The American love affair with cars dates back to the day the first Model T rolled off the assembly line — and for a span of nearly 60 years (1946 to 2004), we drove more miles every year. But according to a new report by U.S. PIRG, that trend abruptly ended in the last decade, and Americans (especially teens and 20-somethings, a.k.a. “Millennials”) are now driving less. The number of young people getting drivers licenses has also declined from generations past.
Are cars really being jilted, or is this just a temporary dalliance with a new lifestyle? Will Americans return to their beloved automobiles? Here’s why Americans are driving less and what it means for the future of transportation.
The cost of cars (and car ownership) is a deterrent
Although the so-called “Driving Boom” ended in 2004 — before the recession hit — there’s no doubt the economy is one reason people are driving less. High unemployment means less income to spend on cars and no job to commute to. For those with cars, gas prices are a factor: the current average price of a gallon of gas in the U.S. is around $3.63.
Transportation options have improved
America has gotten much more bike friendly in the past decade. New bike lanes and greenways are in place or underway in major cities like Los Angeles, New York, Chicago, San Francisco, Austin, and Tucson. Bike-sharing programs have been very successful in Minneapolis, Denver, Boston, and Washington, DC — and NYC recently launched the largest program in the nation. Non-bikers have more options too: new or expanded light rail systems have opened in Seattle, Denver, Phoenix, Charlotte, and Salt Lake City (among others) within the past 6 years.
This leads to a “chicken-or-egg” type of question: Are people using their local transportation systems more because the systems have gotten better? Or are they choosing their cities, neighborhoods, and jobs because of their proximity to good transportation? Maybe it’s a bit of both. In any case, the availability of convenient, fast, green public transportation is luring an increasing number of people away from the stress and congestion of a highway commute.
Access to the web makes taking public transportation easier
Today’s transit riders have a number of convenient ways to determine the best and fastest way to get around. Bus and train schedules are available in real time online, and smartphone apps can keep you updated on ETAs and delays. How unfondly I remember the old days of standing at the bus stop, shivering in the summer cold (this being San Francisco), wondering when (or if) my Muni ride would ever come. Today, the bus still might be late or AWOL (this being the San Francisco transit system), but thanks to my apps, I know whether to leave the house later, take a different line, or just forget it and hail a cab. The new technology makes taking mass transit far less frustrating and more appealing.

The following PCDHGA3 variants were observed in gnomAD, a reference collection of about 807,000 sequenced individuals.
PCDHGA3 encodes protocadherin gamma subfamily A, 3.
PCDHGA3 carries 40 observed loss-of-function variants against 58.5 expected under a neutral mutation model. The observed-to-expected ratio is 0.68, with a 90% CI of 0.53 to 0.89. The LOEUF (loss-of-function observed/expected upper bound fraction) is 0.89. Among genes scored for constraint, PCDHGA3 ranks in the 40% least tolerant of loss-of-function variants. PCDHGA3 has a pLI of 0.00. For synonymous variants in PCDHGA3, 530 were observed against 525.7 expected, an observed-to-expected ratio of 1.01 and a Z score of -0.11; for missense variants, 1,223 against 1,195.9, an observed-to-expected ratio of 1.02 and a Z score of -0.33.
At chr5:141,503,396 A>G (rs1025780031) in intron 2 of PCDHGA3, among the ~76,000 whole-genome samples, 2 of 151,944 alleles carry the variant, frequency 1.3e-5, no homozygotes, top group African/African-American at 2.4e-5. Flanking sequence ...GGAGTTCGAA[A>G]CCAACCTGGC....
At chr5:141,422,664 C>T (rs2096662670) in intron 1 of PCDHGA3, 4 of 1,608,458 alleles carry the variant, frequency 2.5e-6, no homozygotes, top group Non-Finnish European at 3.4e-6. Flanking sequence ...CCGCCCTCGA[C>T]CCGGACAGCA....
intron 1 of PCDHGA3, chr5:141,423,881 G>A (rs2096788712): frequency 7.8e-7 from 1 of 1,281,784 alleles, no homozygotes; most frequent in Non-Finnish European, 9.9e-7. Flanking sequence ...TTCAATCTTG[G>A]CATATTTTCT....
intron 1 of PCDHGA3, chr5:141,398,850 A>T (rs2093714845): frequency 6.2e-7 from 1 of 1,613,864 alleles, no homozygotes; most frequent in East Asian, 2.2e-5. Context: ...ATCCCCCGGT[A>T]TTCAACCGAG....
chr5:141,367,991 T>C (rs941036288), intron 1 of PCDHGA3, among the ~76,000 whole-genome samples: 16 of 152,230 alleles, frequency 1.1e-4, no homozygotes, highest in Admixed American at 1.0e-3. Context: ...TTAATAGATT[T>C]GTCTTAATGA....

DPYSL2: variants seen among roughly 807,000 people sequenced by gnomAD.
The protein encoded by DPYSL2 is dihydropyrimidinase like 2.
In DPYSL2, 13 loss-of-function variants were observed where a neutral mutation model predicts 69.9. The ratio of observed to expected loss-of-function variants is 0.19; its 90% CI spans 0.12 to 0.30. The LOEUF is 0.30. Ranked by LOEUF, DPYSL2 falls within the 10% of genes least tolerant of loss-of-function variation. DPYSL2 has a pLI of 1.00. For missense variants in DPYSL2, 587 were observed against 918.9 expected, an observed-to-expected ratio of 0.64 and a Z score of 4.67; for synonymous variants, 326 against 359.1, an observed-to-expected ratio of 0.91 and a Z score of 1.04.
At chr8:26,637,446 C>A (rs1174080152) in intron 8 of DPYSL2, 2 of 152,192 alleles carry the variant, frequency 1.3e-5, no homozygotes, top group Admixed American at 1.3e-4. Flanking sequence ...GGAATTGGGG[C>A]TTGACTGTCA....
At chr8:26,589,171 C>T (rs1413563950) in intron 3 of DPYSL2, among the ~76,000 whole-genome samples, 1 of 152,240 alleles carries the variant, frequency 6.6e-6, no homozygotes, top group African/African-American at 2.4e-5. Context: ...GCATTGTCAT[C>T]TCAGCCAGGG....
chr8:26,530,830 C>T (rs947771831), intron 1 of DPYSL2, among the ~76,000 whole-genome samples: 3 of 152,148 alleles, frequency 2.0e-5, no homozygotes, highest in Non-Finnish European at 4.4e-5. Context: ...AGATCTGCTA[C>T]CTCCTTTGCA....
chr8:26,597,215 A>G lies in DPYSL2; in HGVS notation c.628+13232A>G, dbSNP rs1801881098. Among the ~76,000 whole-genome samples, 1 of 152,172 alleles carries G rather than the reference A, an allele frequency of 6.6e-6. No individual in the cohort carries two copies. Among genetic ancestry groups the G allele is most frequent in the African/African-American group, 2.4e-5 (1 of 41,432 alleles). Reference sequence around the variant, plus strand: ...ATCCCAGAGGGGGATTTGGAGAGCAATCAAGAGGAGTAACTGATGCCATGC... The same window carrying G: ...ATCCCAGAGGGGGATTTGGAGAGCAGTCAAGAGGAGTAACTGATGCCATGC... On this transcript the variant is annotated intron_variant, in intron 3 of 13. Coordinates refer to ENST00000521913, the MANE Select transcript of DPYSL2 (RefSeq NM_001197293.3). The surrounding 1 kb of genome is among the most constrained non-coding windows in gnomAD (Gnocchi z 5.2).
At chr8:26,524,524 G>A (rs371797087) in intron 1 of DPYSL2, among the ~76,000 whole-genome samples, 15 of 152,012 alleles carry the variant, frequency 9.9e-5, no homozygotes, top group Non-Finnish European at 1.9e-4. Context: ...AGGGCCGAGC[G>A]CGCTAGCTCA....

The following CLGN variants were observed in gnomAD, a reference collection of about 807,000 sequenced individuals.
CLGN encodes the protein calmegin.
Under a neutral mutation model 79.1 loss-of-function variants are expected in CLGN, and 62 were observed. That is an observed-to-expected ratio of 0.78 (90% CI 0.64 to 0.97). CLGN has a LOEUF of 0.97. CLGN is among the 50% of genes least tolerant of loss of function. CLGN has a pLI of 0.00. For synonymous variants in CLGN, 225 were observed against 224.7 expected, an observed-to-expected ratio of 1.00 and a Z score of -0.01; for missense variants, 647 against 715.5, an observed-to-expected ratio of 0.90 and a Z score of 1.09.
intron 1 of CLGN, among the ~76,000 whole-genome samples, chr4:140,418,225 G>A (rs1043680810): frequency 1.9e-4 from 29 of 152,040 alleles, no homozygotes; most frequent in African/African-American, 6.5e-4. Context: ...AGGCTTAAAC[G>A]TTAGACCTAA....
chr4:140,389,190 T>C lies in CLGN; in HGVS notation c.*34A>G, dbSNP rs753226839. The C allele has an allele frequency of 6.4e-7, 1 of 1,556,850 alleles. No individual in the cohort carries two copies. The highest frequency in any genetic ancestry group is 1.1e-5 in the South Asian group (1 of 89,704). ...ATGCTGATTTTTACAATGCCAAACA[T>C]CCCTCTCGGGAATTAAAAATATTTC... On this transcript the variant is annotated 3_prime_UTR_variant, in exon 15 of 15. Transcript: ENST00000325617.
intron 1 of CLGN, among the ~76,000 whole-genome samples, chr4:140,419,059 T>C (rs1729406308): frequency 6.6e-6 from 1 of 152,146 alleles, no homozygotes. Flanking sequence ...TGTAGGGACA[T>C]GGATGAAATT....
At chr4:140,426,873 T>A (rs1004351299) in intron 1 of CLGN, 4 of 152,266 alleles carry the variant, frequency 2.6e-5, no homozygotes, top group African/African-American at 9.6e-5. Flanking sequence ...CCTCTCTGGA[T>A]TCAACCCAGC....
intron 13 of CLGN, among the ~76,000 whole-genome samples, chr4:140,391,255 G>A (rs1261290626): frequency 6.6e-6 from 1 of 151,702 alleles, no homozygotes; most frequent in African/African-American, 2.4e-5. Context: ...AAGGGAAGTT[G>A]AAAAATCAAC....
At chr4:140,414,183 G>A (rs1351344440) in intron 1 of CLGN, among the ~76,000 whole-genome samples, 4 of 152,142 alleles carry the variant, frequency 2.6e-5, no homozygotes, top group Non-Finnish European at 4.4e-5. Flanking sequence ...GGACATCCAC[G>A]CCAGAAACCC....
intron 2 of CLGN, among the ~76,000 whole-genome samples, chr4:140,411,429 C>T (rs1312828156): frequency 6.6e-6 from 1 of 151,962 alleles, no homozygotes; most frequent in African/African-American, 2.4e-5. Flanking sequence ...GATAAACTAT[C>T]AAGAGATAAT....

The internet has made face-to-face contact less important
It seems people (especially young people) don’t feel the need to see their friends as often when they are in constant touch through texts, Facebook, instant messaging, and other virtual ways to connect. More people hanging out online means fewer drivers on the road.
Boomers are leaving the workforce
Millennials aren’t the only generation that’s driving less — many baby boomers are now retiring and no longer need to commute. Some older Americans have also stopped driving because of health or mobility issues (though this may change once self-driving cars become a viable option for consumers).
We’re driving less now … but will the trend continue?
Not all experts think so. Some feel the decline is mostly due to high unemployment among Millennials and will reverse when the economy improves. Others think that once Millennials get married and have kids, they’ll move to the suburbs and start driving more, just as their parents did. But it seems to me that the sustained reversal of this 60-year trend can’t be a fluke. Though many 30- and 40-somethings couldn’t imagine giving up the freedom of a car, today’s teens and 20-somethings don’t seem to have the same dependence on or relationship to their vehicles. A generation that bikes, walks, and takes public transit everywhere will be reluctant to embrace long commutes by car or live in places where driving is the only option.
If this decline does continue, it will have far-reaching effects for car manufacturers, energy companies, city planners, and, yes, car insurance companies. According to the study, U.S. transportation policy still assumes that the number of drivers will increase and is counting on gas-tax revenues to fund highway improvements when they should be shifting their focus to mass transit and bike infrastructure.
What’s your opinion? Is this trend a major turning point or just a minor detour? Do you find yourself driving less often than you used to? Let us know.